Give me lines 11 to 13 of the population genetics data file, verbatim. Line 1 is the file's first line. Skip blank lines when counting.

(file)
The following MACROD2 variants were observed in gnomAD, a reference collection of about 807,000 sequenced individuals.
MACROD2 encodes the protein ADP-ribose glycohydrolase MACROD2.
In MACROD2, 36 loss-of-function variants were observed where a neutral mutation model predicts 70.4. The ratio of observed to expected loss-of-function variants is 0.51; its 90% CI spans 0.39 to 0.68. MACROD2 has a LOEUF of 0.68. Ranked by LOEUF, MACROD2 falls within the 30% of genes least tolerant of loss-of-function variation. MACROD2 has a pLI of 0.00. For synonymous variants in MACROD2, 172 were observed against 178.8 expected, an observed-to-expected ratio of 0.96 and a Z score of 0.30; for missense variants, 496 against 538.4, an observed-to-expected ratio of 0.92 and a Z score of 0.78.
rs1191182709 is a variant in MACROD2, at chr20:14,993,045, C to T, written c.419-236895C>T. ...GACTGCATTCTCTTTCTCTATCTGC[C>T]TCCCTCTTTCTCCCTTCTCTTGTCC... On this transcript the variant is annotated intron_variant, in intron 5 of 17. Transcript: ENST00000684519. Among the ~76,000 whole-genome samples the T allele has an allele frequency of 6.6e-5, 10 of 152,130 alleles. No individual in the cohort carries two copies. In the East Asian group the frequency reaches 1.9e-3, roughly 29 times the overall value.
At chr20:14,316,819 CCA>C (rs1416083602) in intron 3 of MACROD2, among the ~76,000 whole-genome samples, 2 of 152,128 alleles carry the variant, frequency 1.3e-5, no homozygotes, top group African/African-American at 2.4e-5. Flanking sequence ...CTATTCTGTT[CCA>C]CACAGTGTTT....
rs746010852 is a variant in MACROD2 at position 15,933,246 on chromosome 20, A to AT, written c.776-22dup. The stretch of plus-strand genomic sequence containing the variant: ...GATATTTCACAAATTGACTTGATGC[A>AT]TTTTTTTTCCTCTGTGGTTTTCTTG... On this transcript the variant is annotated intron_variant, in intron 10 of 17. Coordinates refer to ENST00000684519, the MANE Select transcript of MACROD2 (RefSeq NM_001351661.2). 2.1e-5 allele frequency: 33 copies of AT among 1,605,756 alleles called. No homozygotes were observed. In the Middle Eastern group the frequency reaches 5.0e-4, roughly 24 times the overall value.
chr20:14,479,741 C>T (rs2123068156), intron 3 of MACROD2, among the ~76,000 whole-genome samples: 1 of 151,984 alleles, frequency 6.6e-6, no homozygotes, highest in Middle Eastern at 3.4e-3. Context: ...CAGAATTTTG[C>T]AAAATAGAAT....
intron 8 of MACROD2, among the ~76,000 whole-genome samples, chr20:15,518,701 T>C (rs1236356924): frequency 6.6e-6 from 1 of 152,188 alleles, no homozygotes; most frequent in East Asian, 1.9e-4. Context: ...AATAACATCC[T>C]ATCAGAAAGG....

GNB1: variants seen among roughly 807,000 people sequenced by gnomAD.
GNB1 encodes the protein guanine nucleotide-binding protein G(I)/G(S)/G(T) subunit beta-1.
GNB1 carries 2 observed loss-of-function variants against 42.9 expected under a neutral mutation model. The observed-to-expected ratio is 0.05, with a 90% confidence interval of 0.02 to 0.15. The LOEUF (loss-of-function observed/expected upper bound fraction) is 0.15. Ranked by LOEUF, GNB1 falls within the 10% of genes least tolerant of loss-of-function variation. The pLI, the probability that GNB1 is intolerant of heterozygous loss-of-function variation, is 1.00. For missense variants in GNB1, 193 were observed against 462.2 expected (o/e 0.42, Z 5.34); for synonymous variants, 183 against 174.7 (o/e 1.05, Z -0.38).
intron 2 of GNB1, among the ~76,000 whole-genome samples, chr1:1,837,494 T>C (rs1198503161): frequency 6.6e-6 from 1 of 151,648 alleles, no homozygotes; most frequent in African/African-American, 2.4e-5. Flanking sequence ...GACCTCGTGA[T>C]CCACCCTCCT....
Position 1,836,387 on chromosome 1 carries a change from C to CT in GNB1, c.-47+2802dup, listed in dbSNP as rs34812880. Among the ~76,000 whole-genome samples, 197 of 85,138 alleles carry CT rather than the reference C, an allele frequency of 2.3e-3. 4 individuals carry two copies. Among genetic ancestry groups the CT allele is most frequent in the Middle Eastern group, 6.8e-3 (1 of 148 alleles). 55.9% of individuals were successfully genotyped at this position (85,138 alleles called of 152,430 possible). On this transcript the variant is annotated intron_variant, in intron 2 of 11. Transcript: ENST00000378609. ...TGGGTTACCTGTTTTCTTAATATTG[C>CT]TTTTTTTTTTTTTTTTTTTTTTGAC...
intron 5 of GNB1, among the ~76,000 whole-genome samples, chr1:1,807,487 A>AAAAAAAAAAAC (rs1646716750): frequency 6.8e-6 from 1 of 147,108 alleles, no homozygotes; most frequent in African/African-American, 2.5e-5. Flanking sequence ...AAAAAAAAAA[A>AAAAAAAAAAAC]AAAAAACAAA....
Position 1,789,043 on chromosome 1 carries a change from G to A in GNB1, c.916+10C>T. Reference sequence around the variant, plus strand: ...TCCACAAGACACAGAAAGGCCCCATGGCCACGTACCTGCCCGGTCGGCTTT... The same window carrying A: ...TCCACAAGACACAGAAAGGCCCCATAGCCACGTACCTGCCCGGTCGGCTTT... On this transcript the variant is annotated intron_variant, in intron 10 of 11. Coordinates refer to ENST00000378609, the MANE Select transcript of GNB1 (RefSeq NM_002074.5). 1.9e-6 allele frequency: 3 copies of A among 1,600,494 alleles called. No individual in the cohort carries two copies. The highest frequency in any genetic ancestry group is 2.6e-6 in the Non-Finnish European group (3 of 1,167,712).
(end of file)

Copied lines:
GNB1 carries 2 observed loss-of-function variants against 42.9 expected under a neutral mutation model. The observed-to-expected ratio is 0.05, with a 90% confidence interval of 0.02 to 0.15. The LOEUF (loss-of-function observed/expected upper bound fraction) is 0.15. Ranked by LOEUF, GNB1 falls within the 10% of genes least tolerant of loss-of-function variation. The pLI, the probability that GNB1 is intolerant of heterozygous loss-of-function variation, is 1.00. For missense variants in GNB1, 193 were observed against 462.2 expected (o/e 0.42, Z 5.34); for synonymous variants, 183 against 174.7 (o/e 1.05, Z -0.38).
intron 2 of GNB1, among the ~76,000 whole-genome samples, chr1:1,837,494 T>C (rs1198503161): frequency 6.6e-6 from 1 of 151,648 alleles, no homozygotes; most frequent in African/African-American, 2.4e-5. Flanking sequence ...GACCTCGTGA[T>C]CCACCCTCCT....
Position 1,836,387 on chromosome 1 carries a change from C to CT in GNB1, c.-47+2802dup, listed in dbSNP as rs34812880. Among the ~76,000 whole-genome samples, 197 of 85,138 alleles carry CT rather than the reference C, an allele frequency of 2.3e-3. 4 individuals carry two copies. Among genetic ancestry groups the CT allele is most frequent in the Middle Eastern group, 6.8e-3 (1 of 148 alleles). 55.9% of individuals were successfully genotyped at this position (85,138 alleles called of 152,430 possible). On this transcript the variant is annotated intron_variant, in intron 2 of 11. Transcript: ENST00000378609. ...TGGGTTACCTGTTTTCTTAATATTG[C>CT]TTTTTTTTTTTTTTTTTTTTTTGAC...